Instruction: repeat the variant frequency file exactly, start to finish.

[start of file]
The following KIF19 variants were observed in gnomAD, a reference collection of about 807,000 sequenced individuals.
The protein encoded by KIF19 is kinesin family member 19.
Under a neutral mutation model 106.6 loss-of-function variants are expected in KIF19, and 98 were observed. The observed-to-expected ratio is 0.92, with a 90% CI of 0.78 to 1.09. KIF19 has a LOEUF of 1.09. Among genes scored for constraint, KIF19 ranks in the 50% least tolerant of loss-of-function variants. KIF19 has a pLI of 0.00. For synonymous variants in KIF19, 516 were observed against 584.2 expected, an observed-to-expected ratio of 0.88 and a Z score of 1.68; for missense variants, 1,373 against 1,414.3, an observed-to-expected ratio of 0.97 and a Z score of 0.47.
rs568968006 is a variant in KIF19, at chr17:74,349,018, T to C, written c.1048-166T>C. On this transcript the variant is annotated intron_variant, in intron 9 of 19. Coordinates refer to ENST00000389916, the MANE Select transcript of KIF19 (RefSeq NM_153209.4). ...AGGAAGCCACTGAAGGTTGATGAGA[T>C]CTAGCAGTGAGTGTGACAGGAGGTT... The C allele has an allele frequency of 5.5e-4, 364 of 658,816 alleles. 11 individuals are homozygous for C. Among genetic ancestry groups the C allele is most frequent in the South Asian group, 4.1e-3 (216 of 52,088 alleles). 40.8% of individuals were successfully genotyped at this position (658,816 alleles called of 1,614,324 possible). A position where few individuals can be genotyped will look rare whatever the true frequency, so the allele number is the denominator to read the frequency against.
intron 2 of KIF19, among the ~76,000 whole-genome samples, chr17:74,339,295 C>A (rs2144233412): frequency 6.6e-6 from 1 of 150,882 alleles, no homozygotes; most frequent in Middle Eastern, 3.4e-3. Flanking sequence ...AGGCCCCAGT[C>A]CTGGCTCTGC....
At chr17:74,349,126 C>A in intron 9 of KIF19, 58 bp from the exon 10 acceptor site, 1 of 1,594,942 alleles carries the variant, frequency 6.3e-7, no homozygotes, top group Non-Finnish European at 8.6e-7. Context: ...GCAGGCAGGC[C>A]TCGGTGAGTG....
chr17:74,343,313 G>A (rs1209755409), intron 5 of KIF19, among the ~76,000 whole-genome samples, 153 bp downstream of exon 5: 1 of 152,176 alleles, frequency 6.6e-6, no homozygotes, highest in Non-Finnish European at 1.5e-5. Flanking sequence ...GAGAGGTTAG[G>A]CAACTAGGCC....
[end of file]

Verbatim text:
The following KIF19 variants were observed in gnomAD, a reference collection of about 807,000 sequenced individuals.
The protein encoded by KIF19 is kinesin family member 19.
Under a neutral mutation model 106.6 loss-of-function variants are expected in KIF19, and 98 were observed. The observed-to-expected ratio is 0.92, with a 90% CI of 0.78 to 1.09. KIF19 has a LOEUF of 1.09. Among genes scored for constraint, KIF19 ranks in the 50% least tolerant of loss-of-function variants. KIF19 has a pLI of 0.00. For synonymous variants in KIF19, 516 were observed against 584.2 expected, an observed-to-expected ratio of 0.88 and a Z score of 1.68; for missense variants, 1,373 against 1,414.3, an observed-to-expected ratio of 0.97 and a Z score of 0.47.
rs568968006 is a variant in KIF19, at chr17:74,349,018, T to C, written c.1048-166T>C. On this transcript the variant is annotated intron_variant, in intron 9 of 19. Coordinates refer to ENST00000389916, the MANE Select transcript of KIF19 (RefSeq NM_153209.4). ...AGGAAGCCACTGAAGGTTGATGAGA[T>C]CTAGCAGTGAGTGTGACAGGAGGTT... The C allele has an allele frequency of 5.5e-4, 364 of 658,816 alleles. 11 individuals are homozygous for C. Among genetic ancestry groups the C allele is most frequent in the South Asian group, 4.1e-3 (216 of 52,088 alleles). 40.8% of individuals were successfully genotyped at this position (658,816 alleles called of 1,614,324 possible). A position where few individuals can be genotyped will look rare whatever the true frequency, so the allele number is the denominator to read the frequency against.
intron 2 of KIF19, among the ~76,000 whole-genome samples, chr17:74,339,295 C>A (rs2144233412): frequency 6.6e-6 from 1 of 150,882 alleles, no homozygotes; most frequent in Middle Eastern, 3.4e-3. Flanking sequence ...AGGCCCCAGT[C>A]CTGGCTCTGC....
At chr17:74,349,126 C>A in intron 9 of KIF19, 58 bp from the exon 10 acceptor site, 1 of 1,594,942 alleles carries the variant, frequency 6.3e-7, no homozygotes, top group Non-Finnish European at 8.6e-7. Context: ...GCAGGCAGGC[C>A]TCGGTGAGTG....
chr17:74,343,313 G>A (rs1209755409), intron 5 of KIF19, among the ~76,000 whole-genome samples, 153 bp downstream of exon 5: 1 of 152,176 alleles, frequency 6.6e-6, no homozygotes, highest in Non-Finnish European at 1.5e-5. Flanking sequence ...GAGAGGTTAG[G>A]CAACTAGGCC....